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Ok, for the OP, I'm not going to comment on your post (sorry). Loosie et al have pretty much said it all so I'm not going to jump in with more of the same (but Lord, please take care of those heels).

The only reason I'm bothering to post is to comment on White Line. White Line disease is an infection. No diet in the world is going to kill that bacteria. Horses on wonderfully healthy diets have not only gotten white line, but more importantly, have had it spread and get worse. According to the "diet will fix it" concept that couldn't have happened. It's the same as saying that diet will cause or fix thrush.

loosie and I have beat this to death on other threads, but I'll say it again. While no one who has spent much time dealing with horses (especially their feet) is going to dispute that diet can be a major factor in the health of the equine foot (or at least they shouldn't....although there are some "professionals" who've never seemed to "get it"), the greatest diet in the world will not prevent WLD that is contracted as a result club foot, a long toe, a nail hole (my personal worst case, but I won't get into the woes or reason why horses should not be shod.... that's a different topic that even Xenophon covered about 2500 years ago) or the like.

Diet won't prevent it in any of those sort of cases (which tend to be too common) and diet is not capable of fixing it. If it would we'd all be doing that. In fact, if that was the case, WLD would never be an issue with horses that are on a healthy diet. So the cases that exist with horses that are on a healthy diet could not exist (but clearly they do).

Diet is crucial to good equine foot health, but it isn't a cure all by any stretch of the imagination. It can't "fix" infected areas...unless it somehow causes the equine to create it's own infection fighting, bacteria killing substance that cures the condition...but then if that were the case then no horse on a good diet could never get these infections (so we can stop worrying about it being caused by long toes, etc... and if they do get it don't worry about treating it, since the diet will cure it ....I wish I'd know about all this earlier.....would have saved a lot of work). We know that's not the case, because they have gotten it while on a healthy diet and it doesn't "fix itself".

I've also yet to see any study that shows that proper diet will prevent a horse from getting WLD or cure it (diet can't prevent the bacteria from creating the disease). Unless they've come out with some GMO strain of oats with a bacteria killing trait that gets into the horses system and eventually reaches the foot where it kills the offending bacteria....but then that results in a less than healthy diet that could lead to more foot issues, since grains are bad for horses...that bacterial killing feature of the GMO would also likely attack the bacterial in the horse's hindgut needed to digest fiber....but that's a different topic too .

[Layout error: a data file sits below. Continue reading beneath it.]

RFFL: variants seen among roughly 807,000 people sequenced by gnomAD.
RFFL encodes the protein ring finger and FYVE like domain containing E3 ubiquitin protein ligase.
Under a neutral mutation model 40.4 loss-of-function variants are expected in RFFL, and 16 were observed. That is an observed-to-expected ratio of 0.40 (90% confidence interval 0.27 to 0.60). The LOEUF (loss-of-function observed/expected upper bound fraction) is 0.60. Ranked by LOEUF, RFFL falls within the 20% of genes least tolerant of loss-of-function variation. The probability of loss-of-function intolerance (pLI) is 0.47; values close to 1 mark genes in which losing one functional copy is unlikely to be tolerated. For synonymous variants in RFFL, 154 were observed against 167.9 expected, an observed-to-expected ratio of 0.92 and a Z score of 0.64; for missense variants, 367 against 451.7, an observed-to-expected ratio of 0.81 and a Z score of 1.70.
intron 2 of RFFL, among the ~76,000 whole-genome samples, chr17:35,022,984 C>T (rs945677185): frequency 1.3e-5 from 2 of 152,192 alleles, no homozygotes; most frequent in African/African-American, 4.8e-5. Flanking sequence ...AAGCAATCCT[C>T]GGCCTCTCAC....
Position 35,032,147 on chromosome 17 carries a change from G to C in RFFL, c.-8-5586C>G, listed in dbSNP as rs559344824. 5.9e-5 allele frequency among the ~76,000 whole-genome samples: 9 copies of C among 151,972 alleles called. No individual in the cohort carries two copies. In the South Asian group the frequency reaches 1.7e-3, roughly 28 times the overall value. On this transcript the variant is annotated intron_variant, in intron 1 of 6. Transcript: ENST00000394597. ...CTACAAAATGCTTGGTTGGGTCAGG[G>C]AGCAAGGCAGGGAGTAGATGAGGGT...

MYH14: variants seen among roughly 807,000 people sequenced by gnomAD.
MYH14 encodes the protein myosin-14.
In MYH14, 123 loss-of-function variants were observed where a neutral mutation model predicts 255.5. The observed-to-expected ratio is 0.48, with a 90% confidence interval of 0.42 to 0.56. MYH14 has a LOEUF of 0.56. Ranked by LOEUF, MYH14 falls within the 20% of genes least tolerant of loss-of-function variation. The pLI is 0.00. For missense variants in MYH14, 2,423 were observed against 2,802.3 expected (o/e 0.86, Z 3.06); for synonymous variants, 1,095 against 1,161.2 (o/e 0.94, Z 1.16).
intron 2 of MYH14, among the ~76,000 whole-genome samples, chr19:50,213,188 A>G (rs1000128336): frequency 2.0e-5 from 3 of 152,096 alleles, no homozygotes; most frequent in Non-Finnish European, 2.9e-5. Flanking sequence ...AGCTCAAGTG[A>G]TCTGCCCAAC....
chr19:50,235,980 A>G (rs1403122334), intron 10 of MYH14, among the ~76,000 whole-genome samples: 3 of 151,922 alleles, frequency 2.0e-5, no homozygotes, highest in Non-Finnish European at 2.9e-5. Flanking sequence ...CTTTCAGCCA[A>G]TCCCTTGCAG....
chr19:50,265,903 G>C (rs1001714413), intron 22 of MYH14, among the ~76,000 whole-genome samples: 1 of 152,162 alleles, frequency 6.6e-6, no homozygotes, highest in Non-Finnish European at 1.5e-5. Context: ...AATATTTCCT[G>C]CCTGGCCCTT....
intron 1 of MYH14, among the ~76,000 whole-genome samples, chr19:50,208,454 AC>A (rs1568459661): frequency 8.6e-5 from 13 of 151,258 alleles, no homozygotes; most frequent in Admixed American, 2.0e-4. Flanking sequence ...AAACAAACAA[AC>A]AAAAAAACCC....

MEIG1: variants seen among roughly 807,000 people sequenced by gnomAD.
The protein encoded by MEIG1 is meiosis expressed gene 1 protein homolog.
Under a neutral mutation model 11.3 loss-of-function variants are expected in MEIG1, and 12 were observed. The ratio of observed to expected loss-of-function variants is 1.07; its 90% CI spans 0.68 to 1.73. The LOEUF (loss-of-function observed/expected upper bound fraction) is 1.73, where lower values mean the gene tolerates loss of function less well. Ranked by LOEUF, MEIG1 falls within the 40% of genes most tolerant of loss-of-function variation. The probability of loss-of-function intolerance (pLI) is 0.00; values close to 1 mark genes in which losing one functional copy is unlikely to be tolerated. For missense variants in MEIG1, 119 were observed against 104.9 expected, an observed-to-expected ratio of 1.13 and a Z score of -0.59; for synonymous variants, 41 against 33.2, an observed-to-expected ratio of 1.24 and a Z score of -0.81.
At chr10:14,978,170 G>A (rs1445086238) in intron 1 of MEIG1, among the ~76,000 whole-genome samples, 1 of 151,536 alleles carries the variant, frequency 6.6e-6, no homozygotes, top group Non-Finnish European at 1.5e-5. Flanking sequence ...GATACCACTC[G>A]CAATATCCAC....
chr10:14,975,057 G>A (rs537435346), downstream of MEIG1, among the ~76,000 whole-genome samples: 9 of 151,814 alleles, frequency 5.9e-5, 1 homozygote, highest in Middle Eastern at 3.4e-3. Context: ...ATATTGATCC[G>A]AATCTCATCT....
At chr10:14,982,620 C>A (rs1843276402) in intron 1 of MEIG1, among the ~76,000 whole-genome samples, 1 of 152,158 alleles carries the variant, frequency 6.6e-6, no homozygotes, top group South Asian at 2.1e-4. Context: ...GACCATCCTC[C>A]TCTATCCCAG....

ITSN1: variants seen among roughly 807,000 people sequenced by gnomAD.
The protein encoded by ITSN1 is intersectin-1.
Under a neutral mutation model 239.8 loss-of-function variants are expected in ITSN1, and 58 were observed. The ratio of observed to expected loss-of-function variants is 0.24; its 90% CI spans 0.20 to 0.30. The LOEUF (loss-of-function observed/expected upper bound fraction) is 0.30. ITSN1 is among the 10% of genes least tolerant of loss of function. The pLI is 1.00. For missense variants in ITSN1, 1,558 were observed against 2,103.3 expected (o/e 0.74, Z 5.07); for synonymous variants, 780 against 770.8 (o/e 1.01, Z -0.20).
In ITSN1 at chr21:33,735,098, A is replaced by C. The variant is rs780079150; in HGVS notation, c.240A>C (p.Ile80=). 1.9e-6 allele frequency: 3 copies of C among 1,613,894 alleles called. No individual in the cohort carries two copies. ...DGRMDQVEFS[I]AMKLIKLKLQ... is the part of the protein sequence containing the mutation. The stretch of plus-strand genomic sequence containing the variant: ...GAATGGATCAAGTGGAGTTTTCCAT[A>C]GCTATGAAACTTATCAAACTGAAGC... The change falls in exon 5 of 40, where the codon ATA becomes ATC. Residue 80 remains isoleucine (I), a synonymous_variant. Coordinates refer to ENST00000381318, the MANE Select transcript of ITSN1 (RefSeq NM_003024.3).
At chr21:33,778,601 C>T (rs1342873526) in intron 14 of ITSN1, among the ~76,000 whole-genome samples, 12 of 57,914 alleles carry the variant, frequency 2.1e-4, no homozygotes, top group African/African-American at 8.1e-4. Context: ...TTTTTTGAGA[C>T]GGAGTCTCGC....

They're always going to be bigger and stronger so you better always be smarter. (One of my grandfather's many pearls of wisdom)
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post #28 of 50 Old 02-25-2014, 10:42 AM
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I don't think anyone has suggested diet will affect WLD, we've been talking about the white line being stretched but not disease of the white line. Diet will mean a tighter white line will grow and so it will be a lot less vulnerable to disease but not a cure.
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post #29 of 50 Old 02-25-2014, 01:33 PM
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In THIS case, this white line issue has nothing at all to do with diet. It isnt even a trimming issue as a rule, excepting that the sole needs exfoliated well and live sole found again and then re trimmed to similar parameters it already has. The sole is dead here and needs cleaned out. The white line here at this level is dead and not attached any longer to the dead sole. This is the first step along withbthe shedding around the frog tip where the foot is trying to rid itself of all that extra material and length on its own. As soon as rain comes, the sole would shed out in chuncks revealing the true wall and bar height and it would then attempt to break off the tall bars heels and wall getting the foot back to normal levek. Once removed and living sole is found, you will see healthy attachment again. It's there and appears that it will be quite healthy. Its just hidden. That is what is pertinent here.
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post #30 of 50 Old 02-25-2014, 03:13 PM Thread Starter
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Clouds, but no rain in site. After we finish building our new shed, I will do a rain dance. :)

waaay OT. I got my phone for the sole purpose it is indestructible, no hoof strike or step can touch it. I got an att text said I could have an upgrade about the time my camera broke. I thought, HOW timely! But, no..I'd have give up my grandfathered plan to get the stinking phone. No thanks. my "real" upgrade isn't until June. I have an old one, same model. I am sure they will switch it for a price. Why send someone such a misleading text?!! I hope it rains on THEM!! So, here I